The present economic crisis shows that not only that our economy is broken but that our politics are increasingly broken, too. As people despair about their own economic futures, they will despair, too, at the failure of our political system to provide the responses that they need. This is dangerous; dangerous for this House and dangerous for anyone who believes in a parliamentary democracy. It breeds discontent, extremism, anger and frustration. People need solutions, yet they look around today and what have they got? Pantomime. This is a Government who received barely 22 per cent. of the eligible vote at the last election, who are stumbling through a crisis of their own making, ramming through laws, deaf to all criticism, and blind to all dissent. People will give up on politics if we are not very careful. It is no wonder that in the last two general elections—those of 2001 and 2005—more people did not vote; more people stayed at home than voted for this Government. If this Government were truly a reforming Government, the Queen’s Speech would attempt to reform our politics as well as our economy: it would move to get big money out of party politics altogether; it would reform a clapped-out, unfair electoral system; and it would devolve power away from Westminster and Whitehall, where it is being hoarded. Yet we have none of that from this Queen’s Speech.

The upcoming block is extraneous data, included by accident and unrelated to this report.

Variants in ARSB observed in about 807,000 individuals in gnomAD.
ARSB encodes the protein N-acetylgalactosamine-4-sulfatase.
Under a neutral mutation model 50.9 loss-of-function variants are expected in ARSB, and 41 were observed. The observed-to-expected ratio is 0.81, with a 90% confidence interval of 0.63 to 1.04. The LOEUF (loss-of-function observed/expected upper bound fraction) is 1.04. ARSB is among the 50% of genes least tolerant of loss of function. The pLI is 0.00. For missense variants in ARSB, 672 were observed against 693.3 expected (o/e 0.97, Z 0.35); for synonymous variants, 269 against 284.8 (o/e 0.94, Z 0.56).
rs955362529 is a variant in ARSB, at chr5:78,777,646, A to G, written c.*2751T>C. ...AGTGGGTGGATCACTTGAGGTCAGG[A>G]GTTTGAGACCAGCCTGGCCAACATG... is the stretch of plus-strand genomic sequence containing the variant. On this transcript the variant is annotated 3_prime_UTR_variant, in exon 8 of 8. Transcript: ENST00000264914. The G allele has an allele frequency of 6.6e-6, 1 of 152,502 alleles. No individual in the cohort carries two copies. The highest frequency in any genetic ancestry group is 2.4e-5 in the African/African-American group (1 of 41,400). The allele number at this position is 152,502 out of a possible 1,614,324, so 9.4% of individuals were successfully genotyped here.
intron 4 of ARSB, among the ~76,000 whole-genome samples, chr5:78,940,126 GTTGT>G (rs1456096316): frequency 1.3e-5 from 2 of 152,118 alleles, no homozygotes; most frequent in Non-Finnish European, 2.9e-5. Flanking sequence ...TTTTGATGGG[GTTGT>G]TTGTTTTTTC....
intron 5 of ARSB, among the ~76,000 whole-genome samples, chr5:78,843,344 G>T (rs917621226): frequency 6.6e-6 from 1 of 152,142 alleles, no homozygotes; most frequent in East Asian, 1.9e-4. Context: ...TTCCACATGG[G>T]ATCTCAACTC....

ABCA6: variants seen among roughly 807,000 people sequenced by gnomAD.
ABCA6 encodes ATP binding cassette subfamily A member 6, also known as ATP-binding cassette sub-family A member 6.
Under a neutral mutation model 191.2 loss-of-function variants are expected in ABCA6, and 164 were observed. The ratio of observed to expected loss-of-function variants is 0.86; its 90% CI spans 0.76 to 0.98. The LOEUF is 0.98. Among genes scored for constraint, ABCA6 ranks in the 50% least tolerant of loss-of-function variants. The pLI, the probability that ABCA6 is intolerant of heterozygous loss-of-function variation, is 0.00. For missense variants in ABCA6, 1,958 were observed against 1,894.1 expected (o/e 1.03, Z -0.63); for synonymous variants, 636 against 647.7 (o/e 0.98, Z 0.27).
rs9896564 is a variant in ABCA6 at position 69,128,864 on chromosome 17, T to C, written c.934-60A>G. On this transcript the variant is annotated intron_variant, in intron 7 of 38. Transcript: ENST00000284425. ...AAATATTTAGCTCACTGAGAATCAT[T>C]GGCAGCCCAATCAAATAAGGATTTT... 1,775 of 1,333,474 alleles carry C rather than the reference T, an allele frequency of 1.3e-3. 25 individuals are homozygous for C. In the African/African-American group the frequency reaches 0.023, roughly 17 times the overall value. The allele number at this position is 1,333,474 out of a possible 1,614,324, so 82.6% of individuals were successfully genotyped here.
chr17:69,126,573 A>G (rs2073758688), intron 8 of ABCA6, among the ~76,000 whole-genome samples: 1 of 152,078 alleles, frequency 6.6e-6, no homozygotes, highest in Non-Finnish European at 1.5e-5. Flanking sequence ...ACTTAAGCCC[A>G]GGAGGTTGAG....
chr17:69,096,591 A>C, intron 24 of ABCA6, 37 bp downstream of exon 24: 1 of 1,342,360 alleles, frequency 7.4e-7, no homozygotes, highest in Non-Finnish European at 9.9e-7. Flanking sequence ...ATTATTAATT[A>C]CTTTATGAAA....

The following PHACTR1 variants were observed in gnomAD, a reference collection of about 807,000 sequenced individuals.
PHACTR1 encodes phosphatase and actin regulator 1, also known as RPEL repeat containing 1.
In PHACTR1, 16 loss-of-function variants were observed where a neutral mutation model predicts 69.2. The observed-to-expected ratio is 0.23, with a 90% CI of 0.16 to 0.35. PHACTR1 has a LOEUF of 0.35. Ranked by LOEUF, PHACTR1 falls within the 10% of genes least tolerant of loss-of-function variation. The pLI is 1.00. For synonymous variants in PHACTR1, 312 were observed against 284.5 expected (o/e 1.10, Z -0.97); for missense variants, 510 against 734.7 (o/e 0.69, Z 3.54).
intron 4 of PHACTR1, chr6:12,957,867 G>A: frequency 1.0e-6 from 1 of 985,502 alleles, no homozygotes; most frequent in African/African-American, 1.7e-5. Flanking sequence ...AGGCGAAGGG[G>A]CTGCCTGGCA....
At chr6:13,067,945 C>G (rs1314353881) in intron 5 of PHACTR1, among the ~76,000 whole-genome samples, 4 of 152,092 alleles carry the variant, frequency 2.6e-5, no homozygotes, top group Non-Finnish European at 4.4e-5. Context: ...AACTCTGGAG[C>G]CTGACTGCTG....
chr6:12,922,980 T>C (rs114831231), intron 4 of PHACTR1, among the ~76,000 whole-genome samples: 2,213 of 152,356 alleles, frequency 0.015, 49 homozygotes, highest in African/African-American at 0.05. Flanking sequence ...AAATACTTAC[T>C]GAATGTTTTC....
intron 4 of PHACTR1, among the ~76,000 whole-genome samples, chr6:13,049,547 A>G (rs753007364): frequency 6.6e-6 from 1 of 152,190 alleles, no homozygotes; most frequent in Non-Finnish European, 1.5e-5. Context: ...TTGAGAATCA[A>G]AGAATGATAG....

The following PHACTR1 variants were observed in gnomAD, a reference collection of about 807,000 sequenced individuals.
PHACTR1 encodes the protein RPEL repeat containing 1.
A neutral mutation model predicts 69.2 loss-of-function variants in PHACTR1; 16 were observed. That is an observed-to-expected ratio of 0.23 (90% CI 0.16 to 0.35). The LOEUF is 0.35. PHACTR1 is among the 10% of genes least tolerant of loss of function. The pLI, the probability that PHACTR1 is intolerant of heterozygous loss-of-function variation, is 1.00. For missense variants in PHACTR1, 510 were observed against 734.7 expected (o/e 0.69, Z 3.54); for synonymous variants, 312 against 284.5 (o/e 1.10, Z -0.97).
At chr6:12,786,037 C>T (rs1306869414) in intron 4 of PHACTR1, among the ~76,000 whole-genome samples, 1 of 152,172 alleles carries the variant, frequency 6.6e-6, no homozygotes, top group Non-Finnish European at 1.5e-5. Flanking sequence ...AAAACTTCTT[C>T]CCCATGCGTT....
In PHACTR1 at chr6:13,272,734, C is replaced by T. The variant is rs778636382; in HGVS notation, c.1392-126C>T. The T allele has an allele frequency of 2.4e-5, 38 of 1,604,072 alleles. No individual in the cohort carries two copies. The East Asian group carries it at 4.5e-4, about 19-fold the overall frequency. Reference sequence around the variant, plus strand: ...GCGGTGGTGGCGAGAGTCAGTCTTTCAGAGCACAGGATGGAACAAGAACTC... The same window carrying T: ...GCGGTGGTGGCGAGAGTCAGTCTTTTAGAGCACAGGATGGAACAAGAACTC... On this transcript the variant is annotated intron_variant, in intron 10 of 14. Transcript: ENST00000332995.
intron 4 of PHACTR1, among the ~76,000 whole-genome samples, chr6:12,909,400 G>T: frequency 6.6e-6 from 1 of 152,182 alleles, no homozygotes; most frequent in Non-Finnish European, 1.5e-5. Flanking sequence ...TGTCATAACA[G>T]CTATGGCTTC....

Mr. David Drew (Stroud) (Lab/Co-op): With that point in mind, will the right hon. Gentleman give back the money his party has taken from Mr. Brown?